Dealing with mental health on a daily basis can be so tiring so how do I deal with it everyday? I’m going to be completely honest, some days I don’t deal with it and some days, yes, you will find me curled up in bed saying I never want to face the world again but more often than not, I deal with it. Personally, for me I take a tough love approach to my mental health (which I know doesn’t work for everyone) I tell myself if I don’t try and change it now, when will I? It’ll always be tomorrow or maybe later. When it comes to depression, it always feels like there’s a dark cloud above my head so I have to fight this every single morning and every morning I have to take the decision of whether I’ll take control and I’ll fight or I’ll let a chemical unbalance in my brain control my day, and then this one day will turn into one week, and one week turns into two weeks and before I know it it’s been a month since I last went out with my friends.
When it comes to coping and prevention, I limit my alcohol and my caffeine intake because I always find it worsens my anxiety and depression. I speak to people, I used to keep it tucked away and eventually all my anxiety and depression would explode like word vomit to whatever unfortunate person is there to receive it. I’m still working on my coping mechanisms and I still haven’t found a perfect one yet but there are a few tips I can give which may help. From a severe anxiety and depression sufferer, I can only give you my advice and it’s up to you what you do with this.
- please speak to someone about it, and if they don’t believe you KEEP on fighting, you know yourself better than anyone else knows you.
- You’re not alone, even if you feel alone you’re not. I’ve emailed Samaritans on multiple occasions when I feel alone so please do to (http://www.samaritans.org/how-we-can-help-you/contact-us)
- Don’t try to be perfect, your mental health won’t change overnight. Be patient with yourself
- If you have anxiety, remember 478. When it comes to panic attacks to control your breathing, breathe in for four, hold for 7, breathe out for 8.
- Remember ‘this thought will pass’
- You’re always doing your best, I promise.
- Learn what triggers anxiety, you can slowly begin to tackle this
- Listen to music, read a book, do your makeup, do anything to take your mind of things
- Imagine the worst, how bad can this situation actually be or am I over thinking? And if it’s bad, what can I do if this actually happens?
- Finally, keep on fighting.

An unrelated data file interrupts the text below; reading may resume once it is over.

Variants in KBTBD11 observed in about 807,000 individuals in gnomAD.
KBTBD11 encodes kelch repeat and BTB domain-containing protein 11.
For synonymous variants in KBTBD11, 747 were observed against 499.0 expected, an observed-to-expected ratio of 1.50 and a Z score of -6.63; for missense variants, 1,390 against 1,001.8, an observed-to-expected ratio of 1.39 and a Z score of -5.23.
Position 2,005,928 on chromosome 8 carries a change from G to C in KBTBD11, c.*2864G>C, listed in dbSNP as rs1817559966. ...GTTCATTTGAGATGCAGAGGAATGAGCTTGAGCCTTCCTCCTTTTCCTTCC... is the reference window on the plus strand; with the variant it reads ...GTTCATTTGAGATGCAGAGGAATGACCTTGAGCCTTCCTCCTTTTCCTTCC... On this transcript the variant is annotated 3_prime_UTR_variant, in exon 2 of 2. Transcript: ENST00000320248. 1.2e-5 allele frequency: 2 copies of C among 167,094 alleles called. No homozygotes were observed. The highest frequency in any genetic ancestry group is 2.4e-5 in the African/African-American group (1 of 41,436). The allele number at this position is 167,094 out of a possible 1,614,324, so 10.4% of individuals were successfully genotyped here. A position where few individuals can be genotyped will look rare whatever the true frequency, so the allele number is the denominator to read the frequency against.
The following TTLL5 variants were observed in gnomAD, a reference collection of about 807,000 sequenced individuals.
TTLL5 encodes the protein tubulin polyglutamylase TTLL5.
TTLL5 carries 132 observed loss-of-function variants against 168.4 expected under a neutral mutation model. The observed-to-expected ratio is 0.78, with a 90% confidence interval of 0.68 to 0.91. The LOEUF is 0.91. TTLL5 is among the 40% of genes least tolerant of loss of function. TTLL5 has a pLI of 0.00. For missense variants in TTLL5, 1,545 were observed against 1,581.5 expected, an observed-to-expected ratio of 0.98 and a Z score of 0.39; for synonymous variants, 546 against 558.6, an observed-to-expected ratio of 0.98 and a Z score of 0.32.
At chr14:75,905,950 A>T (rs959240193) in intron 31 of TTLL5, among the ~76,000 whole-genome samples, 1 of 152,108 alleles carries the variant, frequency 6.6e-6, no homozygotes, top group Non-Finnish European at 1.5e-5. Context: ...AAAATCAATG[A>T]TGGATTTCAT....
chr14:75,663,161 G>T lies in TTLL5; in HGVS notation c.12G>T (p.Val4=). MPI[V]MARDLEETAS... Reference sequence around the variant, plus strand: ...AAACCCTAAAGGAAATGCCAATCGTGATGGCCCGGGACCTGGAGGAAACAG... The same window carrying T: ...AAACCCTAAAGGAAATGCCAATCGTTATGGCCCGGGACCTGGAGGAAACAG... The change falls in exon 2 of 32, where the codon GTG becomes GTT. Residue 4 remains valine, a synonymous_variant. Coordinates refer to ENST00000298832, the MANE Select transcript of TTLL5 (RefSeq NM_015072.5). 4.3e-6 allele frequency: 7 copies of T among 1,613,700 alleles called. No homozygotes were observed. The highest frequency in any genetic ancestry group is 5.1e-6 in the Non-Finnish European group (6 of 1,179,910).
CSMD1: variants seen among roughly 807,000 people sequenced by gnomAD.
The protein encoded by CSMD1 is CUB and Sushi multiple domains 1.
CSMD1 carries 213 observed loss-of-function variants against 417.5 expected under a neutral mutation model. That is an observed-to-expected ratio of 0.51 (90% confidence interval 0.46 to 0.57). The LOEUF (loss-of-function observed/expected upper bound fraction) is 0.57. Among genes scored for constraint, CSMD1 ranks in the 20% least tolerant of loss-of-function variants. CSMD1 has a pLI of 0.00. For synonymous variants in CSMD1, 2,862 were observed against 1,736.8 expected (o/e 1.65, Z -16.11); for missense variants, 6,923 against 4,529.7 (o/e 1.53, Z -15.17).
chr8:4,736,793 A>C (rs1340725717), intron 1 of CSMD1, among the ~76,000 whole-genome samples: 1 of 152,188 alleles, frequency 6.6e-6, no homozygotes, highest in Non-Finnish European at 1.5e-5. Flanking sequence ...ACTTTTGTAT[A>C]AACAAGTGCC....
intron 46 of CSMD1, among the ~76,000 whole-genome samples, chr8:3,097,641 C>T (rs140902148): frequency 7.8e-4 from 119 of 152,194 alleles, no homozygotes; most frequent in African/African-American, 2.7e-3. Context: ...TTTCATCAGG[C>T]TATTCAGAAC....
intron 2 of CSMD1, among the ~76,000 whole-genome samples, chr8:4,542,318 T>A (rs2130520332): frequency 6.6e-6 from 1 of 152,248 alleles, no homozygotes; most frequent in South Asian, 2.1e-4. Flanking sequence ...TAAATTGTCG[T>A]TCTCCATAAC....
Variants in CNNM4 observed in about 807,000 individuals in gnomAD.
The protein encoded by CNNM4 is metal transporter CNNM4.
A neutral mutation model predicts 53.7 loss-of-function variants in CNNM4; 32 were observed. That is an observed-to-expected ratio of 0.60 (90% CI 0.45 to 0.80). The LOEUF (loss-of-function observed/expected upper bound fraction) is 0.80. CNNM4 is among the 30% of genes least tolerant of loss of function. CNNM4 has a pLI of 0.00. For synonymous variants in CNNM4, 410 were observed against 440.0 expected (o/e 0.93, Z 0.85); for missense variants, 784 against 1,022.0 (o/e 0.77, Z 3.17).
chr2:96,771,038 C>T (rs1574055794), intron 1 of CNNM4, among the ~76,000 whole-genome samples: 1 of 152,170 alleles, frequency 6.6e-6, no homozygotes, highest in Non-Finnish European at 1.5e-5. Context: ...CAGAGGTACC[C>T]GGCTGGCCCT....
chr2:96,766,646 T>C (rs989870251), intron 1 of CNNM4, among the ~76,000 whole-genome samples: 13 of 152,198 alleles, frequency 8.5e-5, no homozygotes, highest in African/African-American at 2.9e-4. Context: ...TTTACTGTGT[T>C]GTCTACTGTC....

Let’s end this stigma together one step at a time.
And Finally we have Mike.
The crazy #BathBunBattle creator from the south. Met this guy through another blogger chat and after i threatened to cut off his long locks he agreed to help me out 🙂 . This guy makes me chuckle and he is so random but I am grateful that he took the time out to write something for this post.. so here goes
“Day to day dealing with mental health is hard, there’s no two ways about it. It can and often does affect your work life, your personal relationships and your ability to carry out today to day tasks.
Personally I have found it extremely difficult to talk to anyone about my mental health until recently. I have found some amazing groups of people online that I feel more at ease talking too. I would thoroughly recommend looking for support / discussion groups online, they can be amazing. It is also worth visiting sites like Mind, Rethink Mental Illness and Samaritans. Again there is some great support and information.”
“I have found more recently that I am always surrounding myself with sound. Be that the tv, radio, podcasts, music, whatever. I think I do this to distract myself from…myself. It is to avoid being left with my thoughts. So those thoughts in my mind are pushed back by the rampage of sound and noise I surround myself in.
There are many different challenges that come with mental health illness, as there are with physical illnesses. So if you’d like to know more, if you’re affected, if you may know someone who’s affected. Hey 1/4 are so likelihood is we all know at least one person. That have a conversation about mental health. It maybe awkward at first but you get over that. Find people that are happy to talk to you, and that you happy to talk with. It will make a real difference!”
“I have been delighted to have the opportunity to guest blog and to provide thoughts for a few fellow bloggers now. Each time I am amazed at the work others are putting in to not just their writing but the fight to break the stigma around mental health. So a big thank you to Lisa for inviting me to add some of my thoughts to her blog. BUT also and more importantly for her being part of a growing number of us that fight the good fight. So thank you.”
Blog: Mikes Open Journal
I just wanted to say thank you to all you brave people who shared your stories with me. I loved reading your stories and tips and I hope we can collaborate on more things going forward.
To my lovely readers please show your love.. comment below with any questions you have.. let me know what you think.
As always Be Kind, Be Happy and Stay True to you.
Peace and love